The ? operator was also controversial and some said it’s going to ruin explicit control flow of Rust, etc. I think it turned out great and Rust has the best error handling of any language I know.

When Cargo was introduced I didn’t like it, and I was vocally against I liked my Makefiles, and couldn’t fathom why would anyone want to use “NIH” Rust build system over “standard” make or bash. And now I’m seeing how well it works, and I’m so glad nobody listened to me back then :slight_smile:


Sure, that can happen too. To me, the dyn keyword was such an occasion, when I initially opposed it, but it turned out pretty good. But it’s not always the case. (Certainly not with default binding modes for me.) And anyway: features can always be added, but they can hardly ever be removed. Also, if the language design process is to be called democratic, then such a bias probably doesn’t fit well with it. (I see that this can be resolved by just redefining what the design process is like – I’m not trying to go in that direction.)

Yup. That’s what I’m worried about.

Also, let’s first assume that most people who suggest changes to the Rust language are people who work with rust either as a hobby or professionally. Under that assumption, the fact that lots of people are suggesting changes to the Rust programming language itself means that the community’s general idea is that we should extend the language - THAT is quite worrying. The answer to everything isn’t syntax - to be honest, I’d like Rust to be more like a safer C with a few more abstractions - basically C with safe pointers, references, etc, and additional abstractions like generics and a better macro system. Ideally I’d like Rust to still have C’s philosophy, just to a less extreme degree - if you want something, implement it by yourself (for the most part. The language shouldn’t give you every single higher level feature, that’s the task of the std and the programmer).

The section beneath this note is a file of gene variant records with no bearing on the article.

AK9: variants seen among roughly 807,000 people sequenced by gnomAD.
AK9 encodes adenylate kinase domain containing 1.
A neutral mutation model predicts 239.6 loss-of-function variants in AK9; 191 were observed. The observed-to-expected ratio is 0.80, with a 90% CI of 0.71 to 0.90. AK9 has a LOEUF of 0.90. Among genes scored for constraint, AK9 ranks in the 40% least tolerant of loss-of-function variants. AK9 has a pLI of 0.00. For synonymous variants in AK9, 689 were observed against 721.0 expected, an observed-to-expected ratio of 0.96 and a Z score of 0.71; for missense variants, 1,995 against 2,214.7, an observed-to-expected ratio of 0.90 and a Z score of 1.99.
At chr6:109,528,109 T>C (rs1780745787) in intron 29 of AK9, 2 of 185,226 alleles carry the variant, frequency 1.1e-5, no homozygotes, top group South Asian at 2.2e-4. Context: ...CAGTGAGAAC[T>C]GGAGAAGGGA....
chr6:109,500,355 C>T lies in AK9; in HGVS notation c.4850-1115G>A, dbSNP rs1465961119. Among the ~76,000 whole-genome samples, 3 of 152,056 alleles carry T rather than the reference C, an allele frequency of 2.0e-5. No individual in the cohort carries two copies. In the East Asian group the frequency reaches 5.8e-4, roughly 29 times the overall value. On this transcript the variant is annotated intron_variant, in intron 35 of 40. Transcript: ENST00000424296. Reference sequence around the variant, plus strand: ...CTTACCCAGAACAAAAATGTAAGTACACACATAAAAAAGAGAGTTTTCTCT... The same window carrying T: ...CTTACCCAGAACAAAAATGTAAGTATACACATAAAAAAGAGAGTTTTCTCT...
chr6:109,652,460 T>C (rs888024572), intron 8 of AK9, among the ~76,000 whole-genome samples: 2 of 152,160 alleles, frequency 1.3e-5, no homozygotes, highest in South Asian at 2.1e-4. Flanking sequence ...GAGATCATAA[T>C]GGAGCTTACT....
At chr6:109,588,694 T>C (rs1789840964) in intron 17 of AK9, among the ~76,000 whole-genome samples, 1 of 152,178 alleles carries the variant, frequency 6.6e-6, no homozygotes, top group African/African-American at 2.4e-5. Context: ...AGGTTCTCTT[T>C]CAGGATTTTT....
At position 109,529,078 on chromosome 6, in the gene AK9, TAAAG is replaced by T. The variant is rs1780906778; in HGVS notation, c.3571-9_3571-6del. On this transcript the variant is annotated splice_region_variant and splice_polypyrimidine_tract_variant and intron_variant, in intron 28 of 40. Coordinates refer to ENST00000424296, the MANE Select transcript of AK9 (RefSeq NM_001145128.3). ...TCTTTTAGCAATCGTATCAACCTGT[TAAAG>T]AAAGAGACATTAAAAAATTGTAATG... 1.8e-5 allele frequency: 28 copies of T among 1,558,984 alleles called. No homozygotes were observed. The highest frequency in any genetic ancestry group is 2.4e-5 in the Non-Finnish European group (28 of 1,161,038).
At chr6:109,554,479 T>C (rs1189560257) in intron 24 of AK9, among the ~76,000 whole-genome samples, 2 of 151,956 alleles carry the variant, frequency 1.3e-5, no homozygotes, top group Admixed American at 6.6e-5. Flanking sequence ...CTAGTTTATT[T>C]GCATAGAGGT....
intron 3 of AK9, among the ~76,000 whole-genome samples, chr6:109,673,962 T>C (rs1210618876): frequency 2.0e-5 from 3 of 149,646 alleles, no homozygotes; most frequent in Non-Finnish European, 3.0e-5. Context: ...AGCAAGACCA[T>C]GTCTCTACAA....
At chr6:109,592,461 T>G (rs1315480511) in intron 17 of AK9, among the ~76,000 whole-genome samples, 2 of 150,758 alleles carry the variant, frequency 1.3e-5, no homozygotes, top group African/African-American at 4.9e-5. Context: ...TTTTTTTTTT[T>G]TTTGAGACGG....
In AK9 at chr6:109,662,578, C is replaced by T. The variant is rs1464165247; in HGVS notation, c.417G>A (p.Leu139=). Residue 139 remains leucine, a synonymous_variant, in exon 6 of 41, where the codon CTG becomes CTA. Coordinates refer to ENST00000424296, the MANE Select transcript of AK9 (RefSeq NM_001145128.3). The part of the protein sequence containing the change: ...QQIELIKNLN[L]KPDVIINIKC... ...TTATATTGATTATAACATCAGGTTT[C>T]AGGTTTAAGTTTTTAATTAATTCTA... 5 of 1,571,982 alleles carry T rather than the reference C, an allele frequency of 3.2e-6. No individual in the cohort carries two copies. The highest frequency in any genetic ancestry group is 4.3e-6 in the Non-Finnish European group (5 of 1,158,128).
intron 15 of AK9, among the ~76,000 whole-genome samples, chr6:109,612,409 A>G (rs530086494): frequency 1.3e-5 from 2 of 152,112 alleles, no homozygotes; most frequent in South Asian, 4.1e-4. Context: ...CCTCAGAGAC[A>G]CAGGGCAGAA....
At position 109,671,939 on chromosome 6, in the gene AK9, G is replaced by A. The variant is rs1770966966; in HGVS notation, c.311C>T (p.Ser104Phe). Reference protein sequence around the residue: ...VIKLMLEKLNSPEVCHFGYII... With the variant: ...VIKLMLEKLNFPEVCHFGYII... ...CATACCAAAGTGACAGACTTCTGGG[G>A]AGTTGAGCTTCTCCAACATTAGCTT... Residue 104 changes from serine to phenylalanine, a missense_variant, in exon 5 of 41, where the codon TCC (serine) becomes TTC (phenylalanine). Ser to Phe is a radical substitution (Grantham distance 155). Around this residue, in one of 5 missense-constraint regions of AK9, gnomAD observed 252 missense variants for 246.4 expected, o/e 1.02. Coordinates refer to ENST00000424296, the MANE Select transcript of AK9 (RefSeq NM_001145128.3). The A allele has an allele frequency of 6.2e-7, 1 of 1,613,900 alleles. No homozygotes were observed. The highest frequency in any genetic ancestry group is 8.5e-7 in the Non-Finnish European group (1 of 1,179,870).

It worked out for ?, but that doesn’t mean it will work out every time. The question mark operator also had a long, long design phase with try! available on stable for basically ever, which is lacking in many newer proposals. Many features testable on nightly aren’t even widely promoted, as can be seen by people being surprised when impl Trait in argument position landed. And I assume when type ascription lands with the “no need to specify types in signatures” aspect, people are going to be surprised again.

I also don’t remember much critique of ? being not explicit enough, I remember a lot of concerns about it being easy to overlook. Which is still something you have to keep in mind. If you have unsafe code upholding important invariants, overlooking a single-char conditional early return can have serious consequences, especially if it only happens in edge-cases.

I sometimes still write explicit matching and returns when I am worried about it being overlooked.


I suspect this may be a real problem. In earlier Rust versions I’ve used nightly 90% of the time, because stable just wasn’t good enough. Nowadays, majority of features I wanted have are on stable, and I have no reason to use nighties any more, so I’m not trying out new features.

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It’s one of the issues, another is feature bundling. E.g. impl Trait in return position (which everryone wanted) coming with them also in argument position. Or the type ascription part that includes the omit-types-in-signatures feature. I’m sure there are others, but I’m no longer closely following.

I like to compare that to the earlier days, when ? originally came up it had a partner sigil ! that was an implicit unwrap. People liked ? but really disliked !. If they had to stay bundled, I assume back then neither would have been added and we’d still all use try!. Similarily I still think the move from &mut to &uniq failed because it was bundled with “make let bindings always mutable”.